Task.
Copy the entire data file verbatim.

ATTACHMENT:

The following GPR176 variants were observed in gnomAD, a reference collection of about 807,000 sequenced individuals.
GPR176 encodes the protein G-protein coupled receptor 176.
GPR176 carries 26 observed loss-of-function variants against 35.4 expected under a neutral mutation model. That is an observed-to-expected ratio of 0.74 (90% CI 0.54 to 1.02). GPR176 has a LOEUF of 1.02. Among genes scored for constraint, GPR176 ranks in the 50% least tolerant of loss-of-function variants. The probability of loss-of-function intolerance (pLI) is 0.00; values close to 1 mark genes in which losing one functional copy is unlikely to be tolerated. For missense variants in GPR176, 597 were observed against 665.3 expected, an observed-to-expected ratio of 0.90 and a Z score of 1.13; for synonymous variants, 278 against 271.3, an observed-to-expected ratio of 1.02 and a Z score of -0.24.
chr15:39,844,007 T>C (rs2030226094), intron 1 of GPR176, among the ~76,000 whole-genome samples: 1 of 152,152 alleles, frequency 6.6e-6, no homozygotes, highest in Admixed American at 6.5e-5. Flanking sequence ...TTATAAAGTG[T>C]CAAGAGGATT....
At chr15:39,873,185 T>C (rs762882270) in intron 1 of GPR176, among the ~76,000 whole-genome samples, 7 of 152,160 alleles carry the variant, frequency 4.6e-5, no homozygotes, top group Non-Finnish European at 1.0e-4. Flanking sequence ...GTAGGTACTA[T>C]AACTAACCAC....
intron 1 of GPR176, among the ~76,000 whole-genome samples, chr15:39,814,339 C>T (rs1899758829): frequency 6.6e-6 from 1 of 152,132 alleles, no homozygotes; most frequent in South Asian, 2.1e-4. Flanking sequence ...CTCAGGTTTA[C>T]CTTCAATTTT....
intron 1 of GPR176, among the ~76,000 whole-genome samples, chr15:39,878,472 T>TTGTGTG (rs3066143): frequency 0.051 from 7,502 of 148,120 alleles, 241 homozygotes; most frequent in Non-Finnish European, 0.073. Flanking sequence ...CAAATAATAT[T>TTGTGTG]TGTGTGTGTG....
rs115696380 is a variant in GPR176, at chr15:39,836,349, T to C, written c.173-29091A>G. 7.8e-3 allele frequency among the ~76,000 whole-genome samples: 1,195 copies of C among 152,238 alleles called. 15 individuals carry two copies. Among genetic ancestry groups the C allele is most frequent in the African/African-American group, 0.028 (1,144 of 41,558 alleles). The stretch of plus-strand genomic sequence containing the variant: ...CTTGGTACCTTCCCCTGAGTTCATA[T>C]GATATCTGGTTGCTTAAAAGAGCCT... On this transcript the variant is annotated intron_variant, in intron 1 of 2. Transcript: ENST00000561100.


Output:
The following GPR176 variants were observed in gnomAD, a reference collection of about 807,000 sequenced individuals.
GPR176 encodes the protein G-protein coupled receptor 176.
GPR176 carries 26 observed loss-of-function variants against 35.4 expected under a neutral mutation model. That is an observed-to-expected ratio of 0.74 (90% CI 0.54 to 1.02). GPR176 has a LOEUF of 1.02. Among genes scored for constraint, GPR176 ranks in the 50% least tolerant of loss-of-function variants. The probability of loss-of-function intolerance (pLI) is 0.00; values close to 1 mark genes in which losing one functional copy is unlikely to be tolerated. For missense variants in GPR176, 597 were observed against 665.3 expected, an observed-to-expected ratio of 0.90 and a Z score of 1.13; for synonymous variants, 278 against 271.3, an observed-to-expected ratio of 1.02 and a Z score of -0.24.
chr15:39,844,007 T>C (rs2030226094), intron 1 of GPR176, among the ~76,000 whole-genome samples: 1 of 152,152 alleles, frequency 6.6e-6, no homozygotes, highest in Admixed American at 6.5e-5. Flanking sequence ...TTATAAAGTG[T>C]CAAGAGGATT....
At chr15:39,873,185 T>C (rs762882270) in intron 1 of GPR176, among the ~76,000 whole-genome samples, 7 of 152,160 alleles carry the variant, frequency 4.6e-5, no homozygotes, top group Non-Finnish European at 1.0e-4. Flanking sequence ...GTAGGTACTA[T>C]AACTAACCAC....
intron 1 of GPR176, among the ~76,000 whole-genome samples, chr15:39,814,339 C>T (rs1899758829): frequency 6.6e-6 from 1 of 152,132 alleles, no homozygotes; most frequent in South Asian, 2.1e-4. Flanking sequence ...CTCAGGTTTA[C>T]CTTCAATTTT....
intron 1 of GPR176, among the ~76,000 whole-genome samples, chr15:39,878,472 T>TTGTGTG (rs3066143): frequency 0.051 from 7,502 of 148,120 alleles, 241 homozygotes; most frequent in Non-Finnish European, 0.073. Flanking sequence ...CAAATAATAT[T>TTGTGTG]TGTGTGTGTG....
rs115696380 is a variant in GPR176, at chr15:39,836,349, T to C, written c.173-29091A>G. 7.8e-3 allele frequency among the ~76,000 whole-genome samples: 1,195 copies of C among 152,238 alleles called. 15 individuals carry two copies. Among genetic ancestry groups the C allele is most frequent in the African/African-American group, 0.028 (1,144 of 41,558 alleles). The stretch of plus-strand genomic sequence containing the variant: ...CTTGGTACCTTCCCCTGAGTTCATA[T>C]GATATCTGGTTGCTTAAAAGAGCCT... On this transcript the variant is annotated intron_variant, in intron 1 of 2. Transcript: ENST00000561100.